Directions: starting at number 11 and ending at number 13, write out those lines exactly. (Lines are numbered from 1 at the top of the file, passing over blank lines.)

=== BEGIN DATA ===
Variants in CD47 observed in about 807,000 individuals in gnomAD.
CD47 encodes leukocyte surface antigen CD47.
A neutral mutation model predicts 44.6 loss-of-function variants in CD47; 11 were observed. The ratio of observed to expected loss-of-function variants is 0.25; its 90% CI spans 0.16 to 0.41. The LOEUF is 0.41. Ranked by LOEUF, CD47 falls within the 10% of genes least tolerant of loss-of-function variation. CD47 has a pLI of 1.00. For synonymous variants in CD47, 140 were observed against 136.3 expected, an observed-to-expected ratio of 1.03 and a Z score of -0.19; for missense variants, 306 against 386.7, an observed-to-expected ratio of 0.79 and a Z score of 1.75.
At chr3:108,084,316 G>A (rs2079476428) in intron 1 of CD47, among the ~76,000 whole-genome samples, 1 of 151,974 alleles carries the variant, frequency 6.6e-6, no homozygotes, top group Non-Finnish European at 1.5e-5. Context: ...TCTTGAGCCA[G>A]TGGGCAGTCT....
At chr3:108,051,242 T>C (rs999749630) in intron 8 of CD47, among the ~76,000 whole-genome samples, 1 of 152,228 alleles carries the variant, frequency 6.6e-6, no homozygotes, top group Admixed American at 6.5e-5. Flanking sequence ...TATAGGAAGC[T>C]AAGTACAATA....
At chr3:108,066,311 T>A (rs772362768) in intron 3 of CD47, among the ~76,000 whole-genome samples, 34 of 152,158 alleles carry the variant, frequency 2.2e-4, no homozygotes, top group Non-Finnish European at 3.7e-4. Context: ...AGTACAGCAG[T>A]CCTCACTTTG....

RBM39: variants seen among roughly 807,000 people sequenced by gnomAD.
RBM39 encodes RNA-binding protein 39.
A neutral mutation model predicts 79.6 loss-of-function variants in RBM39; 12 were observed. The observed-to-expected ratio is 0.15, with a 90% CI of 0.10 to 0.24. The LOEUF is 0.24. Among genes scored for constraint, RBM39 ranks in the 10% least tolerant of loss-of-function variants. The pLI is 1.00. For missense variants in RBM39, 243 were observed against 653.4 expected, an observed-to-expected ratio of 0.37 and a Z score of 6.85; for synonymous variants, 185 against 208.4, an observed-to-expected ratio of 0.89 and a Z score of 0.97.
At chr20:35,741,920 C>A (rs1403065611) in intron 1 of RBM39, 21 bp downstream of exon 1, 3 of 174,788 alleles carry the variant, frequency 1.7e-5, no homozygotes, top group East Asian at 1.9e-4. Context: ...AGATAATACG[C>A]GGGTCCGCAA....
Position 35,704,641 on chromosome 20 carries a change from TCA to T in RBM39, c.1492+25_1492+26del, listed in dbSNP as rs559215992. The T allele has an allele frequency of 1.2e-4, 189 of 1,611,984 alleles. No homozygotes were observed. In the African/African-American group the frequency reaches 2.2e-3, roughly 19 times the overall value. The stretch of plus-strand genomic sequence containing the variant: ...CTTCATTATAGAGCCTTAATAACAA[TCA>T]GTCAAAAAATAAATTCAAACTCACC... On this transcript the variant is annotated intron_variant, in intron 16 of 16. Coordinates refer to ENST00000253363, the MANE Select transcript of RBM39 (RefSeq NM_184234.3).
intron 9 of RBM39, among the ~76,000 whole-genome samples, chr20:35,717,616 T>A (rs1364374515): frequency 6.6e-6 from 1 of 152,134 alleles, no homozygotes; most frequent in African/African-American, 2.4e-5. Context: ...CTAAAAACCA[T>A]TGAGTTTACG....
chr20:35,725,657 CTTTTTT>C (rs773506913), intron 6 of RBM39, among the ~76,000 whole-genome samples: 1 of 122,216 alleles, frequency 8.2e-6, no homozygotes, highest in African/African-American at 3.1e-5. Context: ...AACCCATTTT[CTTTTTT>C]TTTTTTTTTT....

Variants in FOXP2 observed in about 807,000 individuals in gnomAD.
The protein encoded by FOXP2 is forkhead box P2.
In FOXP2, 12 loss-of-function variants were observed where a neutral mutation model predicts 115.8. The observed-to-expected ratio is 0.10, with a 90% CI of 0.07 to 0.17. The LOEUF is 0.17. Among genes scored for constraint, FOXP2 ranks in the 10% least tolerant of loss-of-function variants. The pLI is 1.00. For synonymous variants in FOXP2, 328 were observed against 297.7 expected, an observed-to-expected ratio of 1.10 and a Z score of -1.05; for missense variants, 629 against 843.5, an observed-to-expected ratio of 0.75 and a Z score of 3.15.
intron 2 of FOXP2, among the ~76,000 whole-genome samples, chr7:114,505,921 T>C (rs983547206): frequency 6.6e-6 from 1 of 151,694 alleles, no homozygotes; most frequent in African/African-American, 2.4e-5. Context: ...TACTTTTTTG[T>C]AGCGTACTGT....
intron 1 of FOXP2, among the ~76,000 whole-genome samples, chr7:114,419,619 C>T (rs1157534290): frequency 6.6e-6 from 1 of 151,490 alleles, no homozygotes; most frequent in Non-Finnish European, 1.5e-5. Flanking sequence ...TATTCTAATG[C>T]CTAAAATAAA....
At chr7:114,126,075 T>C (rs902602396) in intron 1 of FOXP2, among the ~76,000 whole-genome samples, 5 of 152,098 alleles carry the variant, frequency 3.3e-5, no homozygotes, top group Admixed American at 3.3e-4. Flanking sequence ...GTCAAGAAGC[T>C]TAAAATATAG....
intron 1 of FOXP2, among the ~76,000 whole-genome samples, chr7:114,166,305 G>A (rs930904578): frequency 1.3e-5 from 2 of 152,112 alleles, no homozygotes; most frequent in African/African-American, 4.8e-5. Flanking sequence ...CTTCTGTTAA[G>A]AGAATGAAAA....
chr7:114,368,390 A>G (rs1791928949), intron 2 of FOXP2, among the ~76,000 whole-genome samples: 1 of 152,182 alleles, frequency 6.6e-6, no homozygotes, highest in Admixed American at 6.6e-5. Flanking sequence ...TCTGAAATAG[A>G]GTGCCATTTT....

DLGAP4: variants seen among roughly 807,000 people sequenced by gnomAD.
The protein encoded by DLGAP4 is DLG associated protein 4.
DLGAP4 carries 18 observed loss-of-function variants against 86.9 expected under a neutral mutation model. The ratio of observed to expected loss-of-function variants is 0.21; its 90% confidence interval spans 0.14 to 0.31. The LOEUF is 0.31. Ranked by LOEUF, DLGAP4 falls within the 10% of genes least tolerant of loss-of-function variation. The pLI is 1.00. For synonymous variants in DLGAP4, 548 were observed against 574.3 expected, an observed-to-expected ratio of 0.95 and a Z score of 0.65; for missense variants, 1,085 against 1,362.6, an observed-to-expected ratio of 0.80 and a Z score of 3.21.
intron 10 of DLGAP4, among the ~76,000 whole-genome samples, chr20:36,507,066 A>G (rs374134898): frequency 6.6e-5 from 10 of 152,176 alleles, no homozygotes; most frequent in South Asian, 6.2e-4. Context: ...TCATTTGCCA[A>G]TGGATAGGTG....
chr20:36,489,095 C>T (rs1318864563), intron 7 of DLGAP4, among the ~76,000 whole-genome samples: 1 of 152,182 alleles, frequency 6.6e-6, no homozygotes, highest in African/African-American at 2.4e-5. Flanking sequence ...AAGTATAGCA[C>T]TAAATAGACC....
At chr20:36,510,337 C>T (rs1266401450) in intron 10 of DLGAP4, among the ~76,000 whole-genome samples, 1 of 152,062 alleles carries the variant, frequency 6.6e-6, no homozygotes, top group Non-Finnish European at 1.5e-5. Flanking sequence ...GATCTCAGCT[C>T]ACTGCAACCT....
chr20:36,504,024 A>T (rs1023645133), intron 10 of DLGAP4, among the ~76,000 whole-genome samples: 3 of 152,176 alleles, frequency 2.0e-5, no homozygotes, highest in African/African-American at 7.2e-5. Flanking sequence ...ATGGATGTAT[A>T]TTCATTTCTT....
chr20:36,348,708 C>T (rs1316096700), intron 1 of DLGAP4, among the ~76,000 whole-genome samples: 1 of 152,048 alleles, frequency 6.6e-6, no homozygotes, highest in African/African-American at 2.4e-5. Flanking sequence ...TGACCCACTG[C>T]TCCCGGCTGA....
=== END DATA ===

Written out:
Position 35,704,641 on chromosome 20 carries a change from TCA to T in RBM39, c.1492+25_1492+26del, listed in dbSNP as rs559215992. The T allele has an allele frequency of 1.2e-4, 189 of 1,611,984 alleles. No homozygotes were observed. In the African/African-American group the frequency reaches 2.2e-3, roughly 19 times the overall value. The stretch of plus-strand genomic sequence containing the variant: ...CTTCATTATAGAGCCTTAATAACAA[TCA>T]GTCAAAAAATAAATTCAAACTCACC... On this transcript the variant is annotated intron_variant, in intron 16 of 16. Coordinates refer to ENST00000253363, the MANE Select transcript of RBM39 (RefSeq NM_184234.3).
intron 9 of RBM39, among the ~76,000 whole-genome samples, chr20:35,717,616 T>A (rs1364374515): frequency 6.6e-6 from 1 of 152,134 alleles, no homozygotes; most frequent in African/African-American, 2.4e-5. Context: ...CTAAAAACCA[T>A]TGAGTTTACG....
chr20:35,725,657 CTTTTTT>C (rs773506913), intron 6 of RBM39, among the ~76,000 whole-genome samples: 1 of 122,216 alleles, frequency 8.2e-6, no homozygotes, highest in African/African-American at 3.1e-5. Context: ...AACCCATTTT[CTTTTTT>C]TTTTTTTTTT....